Exploration of spatial patterns of congenital anomalies in Los Angeles County using the vital statistics birth master file
Research has shown linkages between environmental exposures and population health metrics such as low birth weight and incidence of congenital anomalies. While the exact causal relationship between specific environmental teratogens and suspected corresponding congenital anomalies has largely not been established, spatial analysis of anomaly incidence can identify potential locations of increased risk. This study uses the Vital Statistics Birth Master File to map and analyze the rates of congenital anomalies of births from non-smoking mothers 15–35 years old within Los Angeles County. Hot spot analysis shows that the distribution of congenital anomalies is not randomly distributed throughout the county and identified the Antelope Valley and San Gabriel Foothills as two areas with elevated incidence rates. These results are not explained by potential confounders such as maternal age, race, smoking status, or socioeconomic status and seem to correlate well with the concentration of atmospheric ozone. This approach demonstrates the value of using spatial techniques to inform future research efforts and the need to establish and maintain a comprehensive reproductive health surveillance system.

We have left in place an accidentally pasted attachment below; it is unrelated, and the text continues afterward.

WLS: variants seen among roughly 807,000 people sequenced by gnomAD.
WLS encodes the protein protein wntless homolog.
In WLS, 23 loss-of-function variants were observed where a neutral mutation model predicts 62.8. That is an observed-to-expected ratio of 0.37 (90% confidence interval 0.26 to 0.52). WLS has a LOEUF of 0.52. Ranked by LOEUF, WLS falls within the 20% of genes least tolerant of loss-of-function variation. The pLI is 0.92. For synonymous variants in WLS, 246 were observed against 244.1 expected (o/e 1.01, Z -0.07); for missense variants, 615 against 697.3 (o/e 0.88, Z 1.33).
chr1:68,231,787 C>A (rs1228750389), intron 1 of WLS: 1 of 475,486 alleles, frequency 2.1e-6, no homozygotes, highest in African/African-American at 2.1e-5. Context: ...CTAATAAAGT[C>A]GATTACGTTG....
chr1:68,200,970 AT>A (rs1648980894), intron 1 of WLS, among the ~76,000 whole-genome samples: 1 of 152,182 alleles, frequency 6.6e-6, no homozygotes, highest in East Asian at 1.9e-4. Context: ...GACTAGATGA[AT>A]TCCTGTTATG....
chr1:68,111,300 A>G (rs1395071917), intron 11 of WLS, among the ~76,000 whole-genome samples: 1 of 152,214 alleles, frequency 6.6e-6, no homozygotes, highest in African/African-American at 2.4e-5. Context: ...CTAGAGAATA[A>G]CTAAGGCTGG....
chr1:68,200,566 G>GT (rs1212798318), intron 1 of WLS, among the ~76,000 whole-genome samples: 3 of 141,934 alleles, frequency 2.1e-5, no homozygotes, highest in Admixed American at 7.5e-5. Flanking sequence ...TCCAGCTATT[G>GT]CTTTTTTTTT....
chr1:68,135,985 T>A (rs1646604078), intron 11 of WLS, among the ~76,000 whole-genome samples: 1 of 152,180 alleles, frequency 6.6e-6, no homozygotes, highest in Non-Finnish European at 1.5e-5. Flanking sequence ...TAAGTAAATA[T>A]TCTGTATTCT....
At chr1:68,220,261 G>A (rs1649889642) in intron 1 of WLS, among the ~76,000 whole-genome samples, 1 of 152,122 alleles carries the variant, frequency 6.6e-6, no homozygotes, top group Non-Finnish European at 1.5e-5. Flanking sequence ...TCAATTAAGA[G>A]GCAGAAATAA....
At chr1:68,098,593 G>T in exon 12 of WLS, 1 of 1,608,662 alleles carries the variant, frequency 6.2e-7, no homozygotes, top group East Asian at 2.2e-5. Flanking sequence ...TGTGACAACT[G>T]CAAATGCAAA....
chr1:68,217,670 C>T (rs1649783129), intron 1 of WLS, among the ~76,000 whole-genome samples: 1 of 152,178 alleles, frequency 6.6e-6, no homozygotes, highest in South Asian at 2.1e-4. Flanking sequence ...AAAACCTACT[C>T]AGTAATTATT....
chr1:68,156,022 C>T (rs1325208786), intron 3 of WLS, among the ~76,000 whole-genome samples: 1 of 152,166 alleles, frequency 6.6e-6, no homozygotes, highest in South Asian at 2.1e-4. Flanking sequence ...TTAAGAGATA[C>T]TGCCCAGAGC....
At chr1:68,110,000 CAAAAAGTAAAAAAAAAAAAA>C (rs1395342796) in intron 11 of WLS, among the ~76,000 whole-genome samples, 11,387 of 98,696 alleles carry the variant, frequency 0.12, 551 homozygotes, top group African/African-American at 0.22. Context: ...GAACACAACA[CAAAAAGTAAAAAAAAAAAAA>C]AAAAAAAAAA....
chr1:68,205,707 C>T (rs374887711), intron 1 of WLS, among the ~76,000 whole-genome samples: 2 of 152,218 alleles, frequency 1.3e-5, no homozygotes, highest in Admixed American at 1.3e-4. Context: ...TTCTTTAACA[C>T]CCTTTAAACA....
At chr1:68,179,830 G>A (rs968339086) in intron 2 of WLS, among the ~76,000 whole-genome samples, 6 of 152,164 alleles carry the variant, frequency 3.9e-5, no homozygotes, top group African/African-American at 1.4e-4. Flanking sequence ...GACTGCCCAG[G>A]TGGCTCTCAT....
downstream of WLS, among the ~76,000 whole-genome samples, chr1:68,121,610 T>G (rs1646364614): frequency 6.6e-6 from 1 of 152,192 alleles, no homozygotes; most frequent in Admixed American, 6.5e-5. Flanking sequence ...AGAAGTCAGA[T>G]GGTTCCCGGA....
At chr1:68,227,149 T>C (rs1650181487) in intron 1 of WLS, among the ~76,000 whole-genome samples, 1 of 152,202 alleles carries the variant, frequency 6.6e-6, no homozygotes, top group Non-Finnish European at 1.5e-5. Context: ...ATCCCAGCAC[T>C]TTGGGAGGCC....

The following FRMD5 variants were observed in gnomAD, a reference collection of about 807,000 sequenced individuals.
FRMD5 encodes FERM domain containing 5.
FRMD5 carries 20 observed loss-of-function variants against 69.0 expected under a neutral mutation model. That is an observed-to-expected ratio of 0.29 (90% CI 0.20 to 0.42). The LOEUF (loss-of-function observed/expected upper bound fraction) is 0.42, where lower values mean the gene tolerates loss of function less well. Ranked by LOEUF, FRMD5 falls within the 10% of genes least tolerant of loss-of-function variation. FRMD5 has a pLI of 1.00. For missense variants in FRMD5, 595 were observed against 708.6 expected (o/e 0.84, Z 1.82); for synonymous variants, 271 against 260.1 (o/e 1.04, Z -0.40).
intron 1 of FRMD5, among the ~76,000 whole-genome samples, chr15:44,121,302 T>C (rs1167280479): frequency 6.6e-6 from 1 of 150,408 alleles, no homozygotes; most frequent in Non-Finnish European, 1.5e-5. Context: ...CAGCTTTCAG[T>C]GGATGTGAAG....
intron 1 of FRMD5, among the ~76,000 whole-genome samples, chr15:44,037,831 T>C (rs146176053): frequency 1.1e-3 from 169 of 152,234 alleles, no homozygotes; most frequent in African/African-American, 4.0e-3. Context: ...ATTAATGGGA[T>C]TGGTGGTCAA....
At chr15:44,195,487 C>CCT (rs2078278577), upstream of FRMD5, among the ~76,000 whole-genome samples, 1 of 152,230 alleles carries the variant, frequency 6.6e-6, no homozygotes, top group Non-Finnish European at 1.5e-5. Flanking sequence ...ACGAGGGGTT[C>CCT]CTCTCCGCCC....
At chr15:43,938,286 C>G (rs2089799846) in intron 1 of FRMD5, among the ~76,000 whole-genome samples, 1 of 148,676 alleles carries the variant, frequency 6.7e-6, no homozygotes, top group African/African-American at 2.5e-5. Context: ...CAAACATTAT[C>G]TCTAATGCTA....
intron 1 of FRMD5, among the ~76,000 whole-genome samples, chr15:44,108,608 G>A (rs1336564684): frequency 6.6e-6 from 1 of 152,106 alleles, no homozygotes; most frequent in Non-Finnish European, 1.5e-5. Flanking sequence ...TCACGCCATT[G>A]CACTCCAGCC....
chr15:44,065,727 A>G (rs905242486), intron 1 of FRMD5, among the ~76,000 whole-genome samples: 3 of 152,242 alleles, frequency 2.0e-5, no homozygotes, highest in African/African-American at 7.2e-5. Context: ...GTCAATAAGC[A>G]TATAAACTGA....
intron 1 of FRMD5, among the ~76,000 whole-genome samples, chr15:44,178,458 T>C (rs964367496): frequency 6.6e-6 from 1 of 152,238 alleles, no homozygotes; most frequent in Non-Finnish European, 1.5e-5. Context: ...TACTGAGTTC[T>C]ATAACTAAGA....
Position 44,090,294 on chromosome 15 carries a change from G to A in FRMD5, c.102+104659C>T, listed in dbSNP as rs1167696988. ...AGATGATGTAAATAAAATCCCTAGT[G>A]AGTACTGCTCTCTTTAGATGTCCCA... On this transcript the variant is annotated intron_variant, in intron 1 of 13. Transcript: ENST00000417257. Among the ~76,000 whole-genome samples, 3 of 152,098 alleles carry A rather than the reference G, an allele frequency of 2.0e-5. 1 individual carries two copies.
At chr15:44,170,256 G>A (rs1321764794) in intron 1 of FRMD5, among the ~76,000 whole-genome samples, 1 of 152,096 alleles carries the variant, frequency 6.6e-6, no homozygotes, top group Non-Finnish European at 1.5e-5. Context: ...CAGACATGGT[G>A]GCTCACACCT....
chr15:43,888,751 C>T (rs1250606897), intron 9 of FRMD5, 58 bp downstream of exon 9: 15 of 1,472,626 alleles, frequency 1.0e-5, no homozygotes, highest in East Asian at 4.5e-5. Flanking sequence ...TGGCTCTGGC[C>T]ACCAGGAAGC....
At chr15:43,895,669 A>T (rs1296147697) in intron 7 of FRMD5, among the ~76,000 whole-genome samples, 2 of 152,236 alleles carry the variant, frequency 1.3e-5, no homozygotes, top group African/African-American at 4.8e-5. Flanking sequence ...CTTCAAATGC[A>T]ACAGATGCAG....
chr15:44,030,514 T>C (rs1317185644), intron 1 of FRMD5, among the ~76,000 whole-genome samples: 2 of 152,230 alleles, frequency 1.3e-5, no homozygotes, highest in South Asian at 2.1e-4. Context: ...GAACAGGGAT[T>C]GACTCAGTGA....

KeywordsHot spot analysis Congenital anomalies Environmental exposures Health surveillance
This study was funded by the David and Lucile Packard Foundation and the Executive Advisory Board of the Iris Cantor-UCLA Women’s Health Center.
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